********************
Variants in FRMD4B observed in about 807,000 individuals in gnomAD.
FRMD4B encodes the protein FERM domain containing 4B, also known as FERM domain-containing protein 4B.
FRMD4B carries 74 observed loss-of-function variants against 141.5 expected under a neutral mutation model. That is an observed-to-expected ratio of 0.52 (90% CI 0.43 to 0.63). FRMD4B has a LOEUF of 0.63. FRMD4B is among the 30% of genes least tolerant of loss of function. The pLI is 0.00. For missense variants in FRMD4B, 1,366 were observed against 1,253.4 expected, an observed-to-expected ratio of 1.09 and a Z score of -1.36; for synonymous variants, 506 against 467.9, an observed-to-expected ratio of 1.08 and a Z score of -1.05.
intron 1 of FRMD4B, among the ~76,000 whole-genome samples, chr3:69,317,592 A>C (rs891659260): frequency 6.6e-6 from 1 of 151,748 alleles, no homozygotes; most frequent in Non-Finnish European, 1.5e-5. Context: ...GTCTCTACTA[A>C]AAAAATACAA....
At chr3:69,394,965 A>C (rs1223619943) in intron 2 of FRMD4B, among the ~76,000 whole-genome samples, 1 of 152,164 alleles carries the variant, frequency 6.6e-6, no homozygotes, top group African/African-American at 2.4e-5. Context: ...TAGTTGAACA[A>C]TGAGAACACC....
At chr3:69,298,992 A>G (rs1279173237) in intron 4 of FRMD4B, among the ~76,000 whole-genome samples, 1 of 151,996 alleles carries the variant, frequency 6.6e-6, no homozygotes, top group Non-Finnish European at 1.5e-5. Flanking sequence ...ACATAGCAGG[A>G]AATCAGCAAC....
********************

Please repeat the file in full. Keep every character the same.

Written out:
Variants in FRMD4B observed in about 807,000 individuals in gnomAD.
FRMD4B encodes the protein FERM domain containing 4B, also known as FERM domain-containing protein 4B.
FRMD4B carries 74 observed loss-of-function variants against 141.5 expected under a neutral mutation model. That is an observed-to-expected ratio of 0.52 (90% CI 0.43 to 0.63). FRMD4B has a LOEUF of 0.63. FRMD4B is among the 30% of genes least tolerant of loss of function. The pLI is 0.00. For missense variants in FRMD4B, 1,366 were observed against 1,253.4 expected, an observed-to-expected ratio of 1.09 and a Z score of -1.36; for synonymous variants, 506 against 467.9, an observed-to-expected ratio of 1.08 and a Z score of -1.05.
intron 1 of FRMD4B, among the ~76,000 whole-genome samples, chr3:69,317,592 A>C (rs891659260): frequency 6.6e-6 from 1 of 151,748 alleles, no homozygotes; most frequent in Non-Finnish European, 1.5e-5. Context: ...GTCTCTACTA[A>C]AAAAATACAA....
At chr3:69,394,965 A>C (rs1223619943) in intron 2 of FRMD4B, among the ~76,000 whole-genome samples, 1 of 152,164 alleles carries the variant, frequency 6.6e-6, no homozygotes, top group African/African-American at 2.4e-5. Context: ...TAGTTGAACA[A>C]TGAGAACACC....
At chr3:69,298,992 A>G (rs1279173237) in intron 4 of FRMD4B, among the ~76,000 whole-genome samples, 1 of 151,996 alleles carries the variant, frequency 6.6e-6, no homozygotes, top group Non-Finnish European at 1.5e-5. Flanking sequence ...ACATAGCAGG[A>G]AATCAGCAAC....